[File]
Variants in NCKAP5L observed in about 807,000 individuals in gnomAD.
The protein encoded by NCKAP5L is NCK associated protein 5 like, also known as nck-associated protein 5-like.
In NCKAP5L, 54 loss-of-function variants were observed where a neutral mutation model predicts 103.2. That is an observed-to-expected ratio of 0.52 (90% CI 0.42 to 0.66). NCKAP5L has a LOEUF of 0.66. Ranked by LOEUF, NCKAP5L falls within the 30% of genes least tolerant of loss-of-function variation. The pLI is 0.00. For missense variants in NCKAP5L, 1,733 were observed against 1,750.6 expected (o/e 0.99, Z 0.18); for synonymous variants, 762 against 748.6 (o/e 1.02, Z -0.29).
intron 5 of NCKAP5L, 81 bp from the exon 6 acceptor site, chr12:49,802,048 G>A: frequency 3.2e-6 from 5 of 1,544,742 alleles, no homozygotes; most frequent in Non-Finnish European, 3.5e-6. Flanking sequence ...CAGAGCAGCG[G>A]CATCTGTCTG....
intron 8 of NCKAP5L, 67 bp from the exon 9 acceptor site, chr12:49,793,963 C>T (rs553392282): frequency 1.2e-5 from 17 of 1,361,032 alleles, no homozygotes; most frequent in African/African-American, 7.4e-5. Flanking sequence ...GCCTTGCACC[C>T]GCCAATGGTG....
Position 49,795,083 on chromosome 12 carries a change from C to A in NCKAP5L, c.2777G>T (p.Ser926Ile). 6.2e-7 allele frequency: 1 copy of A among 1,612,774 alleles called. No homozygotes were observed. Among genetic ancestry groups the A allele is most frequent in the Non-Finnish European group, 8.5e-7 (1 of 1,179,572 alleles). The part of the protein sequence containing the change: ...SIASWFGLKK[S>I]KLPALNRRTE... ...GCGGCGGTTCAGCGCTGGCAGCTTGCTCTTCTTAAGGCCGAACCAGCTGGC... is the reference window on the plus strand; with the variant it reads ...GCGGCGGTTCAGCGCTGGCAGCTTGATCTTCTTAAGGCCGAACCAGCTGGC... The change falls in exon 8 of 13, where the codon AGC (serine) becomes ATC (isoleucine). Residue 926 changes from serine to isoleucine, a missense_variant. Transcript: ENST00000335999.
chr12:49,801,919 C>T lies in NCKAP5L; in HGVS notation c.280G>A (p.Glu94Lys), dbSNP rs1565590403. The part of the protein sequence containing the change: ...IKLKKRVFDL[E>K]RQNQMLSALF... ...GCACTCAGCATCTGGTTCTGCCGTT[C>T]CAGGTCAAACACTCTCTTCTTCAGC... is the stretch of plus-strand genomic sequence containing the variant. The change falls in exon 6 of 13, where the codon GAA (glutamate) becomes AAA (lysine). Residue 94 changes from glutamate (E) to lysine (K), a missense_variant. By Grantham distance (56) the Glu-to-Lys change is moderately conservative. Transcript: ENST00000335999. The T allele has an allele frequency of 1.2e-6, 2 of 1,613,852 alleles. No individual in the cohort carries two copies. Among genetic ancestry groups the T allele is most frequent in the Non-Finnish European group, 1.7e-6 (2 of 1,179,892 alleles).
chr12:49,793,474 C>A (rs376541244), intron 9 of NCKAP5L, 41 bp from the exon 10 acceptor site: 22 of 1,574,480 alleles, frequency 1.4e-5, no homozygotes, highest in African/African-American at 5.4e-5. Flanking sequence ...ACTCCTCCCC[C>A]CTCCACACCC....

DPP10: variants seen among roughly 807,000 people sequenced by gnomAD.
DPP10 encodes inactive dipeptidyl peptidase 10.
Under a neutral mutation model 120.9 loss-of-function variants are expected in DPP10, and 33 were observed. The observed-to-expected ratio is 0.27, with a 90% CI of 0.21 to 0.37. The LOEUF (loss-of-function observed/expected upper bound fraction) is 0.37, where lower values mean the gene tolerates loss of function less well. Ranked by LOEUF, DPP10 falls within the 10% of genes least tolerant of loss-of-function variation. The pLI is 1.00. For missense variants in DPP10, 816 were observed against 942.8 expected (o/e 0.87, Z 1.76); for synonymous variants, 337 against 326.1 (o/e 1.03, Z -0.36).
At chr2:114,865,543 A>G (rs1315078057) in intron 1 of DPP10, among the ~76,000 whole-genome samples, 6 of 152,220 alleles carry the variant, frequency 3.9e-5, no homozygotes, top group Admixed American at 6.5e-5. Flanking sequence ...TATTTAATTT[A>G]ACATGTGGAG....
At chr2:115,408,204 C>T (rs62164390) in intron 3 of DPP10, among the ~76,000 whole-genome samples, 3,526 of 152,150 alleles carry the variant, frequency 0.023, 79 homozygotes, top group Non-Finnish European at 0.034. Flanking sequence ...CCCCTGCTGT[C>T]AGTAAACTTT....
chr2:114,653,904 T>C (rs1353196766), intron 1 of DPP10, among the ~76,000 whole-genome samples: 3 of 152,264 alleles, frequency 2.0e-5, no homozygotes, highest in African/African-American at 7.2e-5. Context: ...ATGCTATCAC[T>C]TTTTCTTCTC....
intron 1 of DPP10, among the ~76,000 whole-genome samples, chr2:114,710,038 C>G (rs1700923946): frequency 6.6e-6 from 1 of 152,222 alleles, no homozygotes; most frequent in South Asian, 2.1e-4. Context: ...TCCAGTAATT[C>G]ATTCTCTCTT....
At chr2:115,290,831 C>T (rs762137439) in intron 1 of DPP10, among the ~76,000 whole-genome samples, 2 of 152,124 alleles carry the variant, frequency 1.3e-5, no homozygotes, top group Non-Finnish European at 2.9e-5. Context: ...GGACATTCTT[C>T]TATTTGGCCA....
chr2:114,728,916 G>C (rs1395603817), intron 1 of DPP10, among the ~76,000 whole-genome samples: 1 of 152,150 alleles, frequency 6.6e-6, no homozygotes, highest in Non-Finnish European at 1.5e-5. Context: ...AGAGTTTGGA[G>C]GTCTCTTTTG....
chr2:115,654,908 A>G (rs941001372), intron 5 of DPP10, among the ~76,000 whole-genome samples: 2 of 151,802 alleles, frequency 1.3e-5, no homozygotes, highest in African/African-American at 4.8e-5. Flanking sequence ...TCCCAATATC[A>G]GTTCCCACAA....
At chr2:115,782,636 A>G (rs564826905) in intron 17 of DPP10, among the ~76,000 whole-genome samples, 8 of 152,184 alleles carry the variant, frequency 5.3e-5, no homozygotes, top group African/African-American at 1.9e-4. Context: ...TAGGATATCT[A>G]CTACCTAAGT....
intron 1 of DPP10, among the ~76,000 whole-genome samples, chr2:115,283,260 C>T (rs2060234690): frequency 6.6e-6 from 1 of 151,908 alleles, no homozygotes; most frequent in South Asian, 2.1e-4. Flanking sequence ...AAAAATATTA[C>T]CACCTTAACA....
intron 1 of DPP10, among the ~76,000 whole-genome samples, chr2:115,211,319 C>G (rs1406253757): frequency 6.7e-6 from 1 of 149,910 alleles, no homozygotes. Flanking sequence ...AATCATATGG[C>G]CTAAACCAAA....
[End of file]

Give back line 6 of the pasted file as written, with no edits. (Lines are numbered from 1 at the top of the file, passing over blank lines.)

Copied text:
Position 49,795,083 on chromosome 12 carries a change from C to A in NCKAP5L, c.2777G>T (p.Ser926Ile). 6.2e-7 allele frequency: 1 copy of A among 1,612,774 alleles called. No homozygotes were observed. Among genetic ancestry groups the A allele is most frequent in the Non-Finnish European group, 8.5e-7 (1 of 1,179,572 alleles). The part of the protein sequence containing the change: ...SIASWFGLKK[S>I]KLPALNRRTE... ...GCGGCGGTTCAGCGCTGGCAGCTTGCTCTTCTTAAGGCCGAACCAGCTGGC... is the reference window on the plus strand; with the variant it reads ...GCGGCGGTTCAGCGCTGGCAGCTTGATCTTCTTAAGGCCGAACCAGCTGGC... The change falls in exon 8 of 13, where the codon AGC (serine) becomes ATC (isoleucine). Residue 926 changes from serine to isoleucine, a missense_variant. Transcript: ENST00000335999.